Tuesday, January 26, 2016

Diagramming Vonnegut: "So it Goes"

Colorful, artistic renderings of Tralfamadorians and a sentence diagram of Kurt Vonnegut's "So it goes."
Regarding Death: So it Goes

The Tralfamadorians, in all of their glorious wisdom, utter "So it goes" in the face of death. Kurt Vonnegut, in all of his glorious wisdom, gives this phrase life through his character, Billy Pilgrim, in Slaughterhouse Five

"So it Goes"

Billy states it thusly:

The most important thing I learned on Tralfamadore was that when a person dies he only appears to die. He is still very much alive in the past, so it is very silly for people to cry at his funeral. All moments, past, present and future, always have existed, always will exist. The Tralfamadorians can look at all the different moments just that way we can look at a stretch of the Rocky Mountains, for instance. They can see how permanent all the moments are, and they can look at any moment that interests them. It is just an illusion we have here on Earth that one moment follows another one, like beads on a string, and that once a moment is gone it is gone forever.

When a Tralfamadorian sees a corpse, all he thinks is that the dead person is in bad condition in that particular moment, but that the same person is just fine in plenty of other moments. Now, when I myself hear that somebody is dead, I simply shrug and say what the Tralfamadorians say about dead people, which is "So it goes." 


Although the act of shrugging is indicated in this particular quote, this shrugging is not the depth of the meaning of the phrase.  Bryan Scoular expresses the meaning of "So it goes" in a letter to the editor of the New York Times (Dec, 16, 2011): This phrase, he says, "is used whenever there is a mention of death. At times used tragically, at other times absurdly, this phrase, repeated more than 100 times, comes to represent the randomness of death — how death can come to anyone at any time — and to convey a sense of fatalism during wartime. That is, the constant repetition of  'So it goes' makes readers ask themselves about the meaning of death (or its lack of meaning) and the incalculable human costs of war."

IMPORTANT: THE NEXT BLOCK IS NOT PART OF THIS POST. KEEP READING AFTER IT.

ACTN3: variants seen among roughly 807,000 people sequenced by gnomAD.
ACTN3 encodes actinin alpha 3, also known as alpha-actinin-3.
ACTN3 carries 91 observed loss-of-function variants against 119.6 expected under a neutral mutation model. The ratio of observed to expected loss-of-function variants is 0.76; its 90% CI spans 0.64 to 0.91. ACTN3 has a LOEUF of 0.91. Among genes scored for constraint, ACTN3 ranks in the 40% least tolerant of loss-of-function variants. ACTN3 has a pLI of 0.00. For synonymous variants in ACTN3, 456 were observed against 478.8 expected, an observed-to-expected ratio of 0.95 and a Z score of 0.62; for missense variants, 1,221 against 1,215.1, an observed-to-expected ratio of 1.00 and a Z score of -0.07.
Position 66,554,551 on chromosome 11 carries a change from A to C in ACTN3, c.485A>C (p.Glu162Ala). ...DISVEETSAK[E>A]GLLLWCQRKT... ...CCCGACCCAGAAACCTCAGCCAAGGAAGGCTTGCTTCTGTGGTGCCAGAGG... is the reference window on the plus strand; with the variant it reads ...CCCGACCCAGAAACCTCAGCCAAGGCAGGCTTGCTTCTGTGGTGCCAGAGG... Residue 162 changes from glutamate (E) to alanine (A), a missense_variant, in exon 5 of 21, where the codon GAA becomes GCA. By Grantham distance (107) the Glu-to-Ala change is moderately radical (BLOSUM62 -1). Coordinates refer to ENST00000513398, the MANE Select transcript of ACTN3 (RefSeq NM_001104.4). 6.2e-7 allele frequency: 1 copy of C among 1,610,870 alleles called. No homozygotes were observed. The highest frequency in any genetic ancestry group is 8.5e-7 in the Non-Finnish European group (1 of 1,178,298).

Existential Construction

Grammatically, it is an oddly constructed sentence, and it relies on a reader's understanding of the existential construction and of "so" beyond its use as a coordinating conjunction.  In this case, the "so" is used like "just so" or "like this." "So it goes" could be restated, still in the existential, as "It goes like this," or "It is like this."  "It," to make the sentence more concrete, refers to life as well as to death.  To diagram, the sentence should be considered like the rewrites, the intended meaning emphasized. 


Scoular, B. (Dec. 16, 2011). And so it goes. New York Times. Retrieved from http://www.nytimes.com/2011/12/18/books/review/and-so-it-goes.html?_r=0

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